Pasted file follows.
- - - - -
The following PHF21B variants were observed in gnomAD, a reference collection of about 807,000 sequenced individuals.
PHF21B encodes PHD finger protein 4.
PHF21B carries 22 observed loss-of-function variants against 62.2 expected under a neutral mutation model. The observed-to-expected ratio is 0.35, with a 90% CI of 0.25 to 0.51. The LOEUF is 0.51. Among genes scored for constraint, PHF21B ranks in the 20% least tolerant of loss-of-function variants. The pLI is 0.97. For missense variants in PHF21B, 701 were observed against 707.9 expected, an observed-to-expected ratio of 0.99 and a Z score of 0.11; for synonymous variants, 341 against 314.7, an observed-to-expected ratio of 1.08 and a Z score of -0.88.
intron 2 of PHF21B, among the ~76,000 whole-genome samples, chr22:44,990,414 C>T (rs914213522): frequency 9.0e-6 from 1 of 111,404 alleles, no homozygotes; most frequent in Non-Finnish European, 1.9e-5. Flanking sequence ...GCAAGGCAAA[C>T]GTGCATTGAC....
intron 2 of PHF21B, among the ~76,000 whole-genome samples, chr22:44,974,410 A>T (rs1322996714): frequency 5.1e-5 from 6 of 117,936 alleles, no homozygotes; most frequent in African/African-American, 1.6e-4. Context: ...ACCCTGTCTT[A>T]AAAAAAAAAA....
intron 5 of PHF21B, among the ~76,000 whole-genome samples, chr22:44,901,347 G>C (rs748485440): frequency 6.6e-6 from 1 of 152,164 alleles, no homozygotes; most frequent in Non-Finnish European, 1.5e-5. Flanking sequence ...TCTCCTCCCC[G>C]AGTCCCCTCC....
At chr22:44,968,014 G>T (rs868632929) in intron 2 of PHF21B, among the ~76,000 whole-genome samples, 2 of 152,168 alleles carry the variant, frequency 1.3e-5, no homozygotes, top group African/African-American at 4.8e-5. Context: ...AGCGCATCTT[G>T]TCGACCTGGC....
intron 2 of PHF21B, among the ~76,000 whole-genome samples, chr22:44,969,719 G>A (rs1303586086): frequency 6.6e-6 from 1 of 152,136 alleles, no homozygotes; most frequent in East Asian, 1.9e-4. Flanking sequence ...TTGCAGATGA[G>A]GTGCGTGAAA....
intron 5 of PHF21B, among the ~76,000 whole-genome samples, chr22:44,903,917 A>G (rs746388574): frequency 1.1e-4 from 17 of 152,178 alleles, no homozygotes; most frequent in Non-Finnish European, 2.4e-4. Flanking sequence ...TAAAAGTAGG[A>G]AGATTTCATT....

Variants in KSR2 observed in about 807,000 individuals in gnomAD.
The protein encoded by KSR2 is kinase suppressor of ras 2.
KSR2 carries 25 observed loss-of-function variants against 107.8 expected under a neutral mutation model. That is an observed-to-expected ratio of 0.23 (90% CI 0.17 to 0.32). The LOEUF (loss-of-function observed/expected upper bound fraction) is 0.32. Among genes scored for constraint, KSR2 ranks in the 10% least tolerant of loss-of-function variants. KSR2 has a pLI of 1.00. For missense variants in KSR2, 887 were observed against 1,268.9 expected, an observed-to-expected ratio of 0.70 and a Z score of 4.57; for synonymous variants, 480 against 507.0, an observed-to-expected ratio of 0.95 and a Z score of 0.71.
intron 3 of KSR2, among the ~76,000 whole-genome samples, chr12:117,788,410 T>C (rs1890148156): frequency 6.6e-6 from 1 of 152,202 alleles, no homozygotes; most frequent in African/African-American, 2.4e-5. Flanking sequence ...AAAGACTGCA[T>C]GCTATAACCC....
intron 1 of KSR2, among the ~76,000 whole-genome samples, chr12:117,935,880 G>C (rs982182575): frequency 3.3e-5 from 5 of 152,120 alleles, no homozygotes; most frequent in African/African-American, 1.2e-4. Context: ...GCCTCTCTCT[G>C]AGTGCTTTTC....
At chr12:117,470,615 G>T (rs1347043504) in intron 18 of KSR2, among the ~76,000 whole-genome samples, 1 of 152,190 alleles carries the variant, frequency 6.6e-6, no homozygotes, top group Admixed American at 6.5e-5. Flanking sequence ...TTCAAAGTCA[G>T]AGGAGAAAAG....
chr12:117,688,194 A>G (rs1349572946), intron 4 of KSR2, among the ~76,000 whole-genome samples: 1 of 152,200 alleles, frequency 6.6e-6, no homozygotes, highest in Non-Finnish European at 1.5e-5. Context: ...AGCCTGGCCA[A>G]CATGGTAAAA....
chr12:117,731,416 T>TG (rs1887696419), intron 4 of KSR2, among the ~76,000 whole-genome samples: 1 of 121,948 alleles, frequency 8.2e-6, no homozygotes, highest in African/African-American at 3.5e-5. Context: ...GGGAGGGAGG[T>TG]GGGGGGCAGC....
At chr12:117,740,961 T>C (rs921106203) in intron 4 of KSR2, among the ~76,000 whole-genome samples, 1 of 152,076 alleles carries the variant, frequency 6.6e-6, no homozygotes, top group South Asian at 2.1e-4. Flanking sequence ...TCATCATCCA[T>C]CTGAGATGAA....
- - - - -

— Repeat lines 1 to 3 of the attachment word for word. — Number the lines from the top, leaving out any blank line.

The following PHF21B variants were observed in gnomAD, a reference collection of about 807,000 sequenced individuals.
PHF21B encodes PHD finger protein 4.
PHF21B carries 22 observed loss-of-function variants against 62.2 expected under a neutral mutation model. The observed-to-expected ratio is 0.35, with a 90% CI of 0.25 to 0.51. The LOEUF is 0.51. Among genes scored for constraint, PHF21B ranks in the 20% least tolerant of loss-of-function variants. The pLI is 0.97. For missense variants in PHF21B, 701 were observed against 707.9 expected, an observed-to-expected ratio of 0.99 and a Z score of 0.11; for synonymous variants, 341 against 314.7, an observed-to-expected ratio of 1.08 and a Z score of -0.88.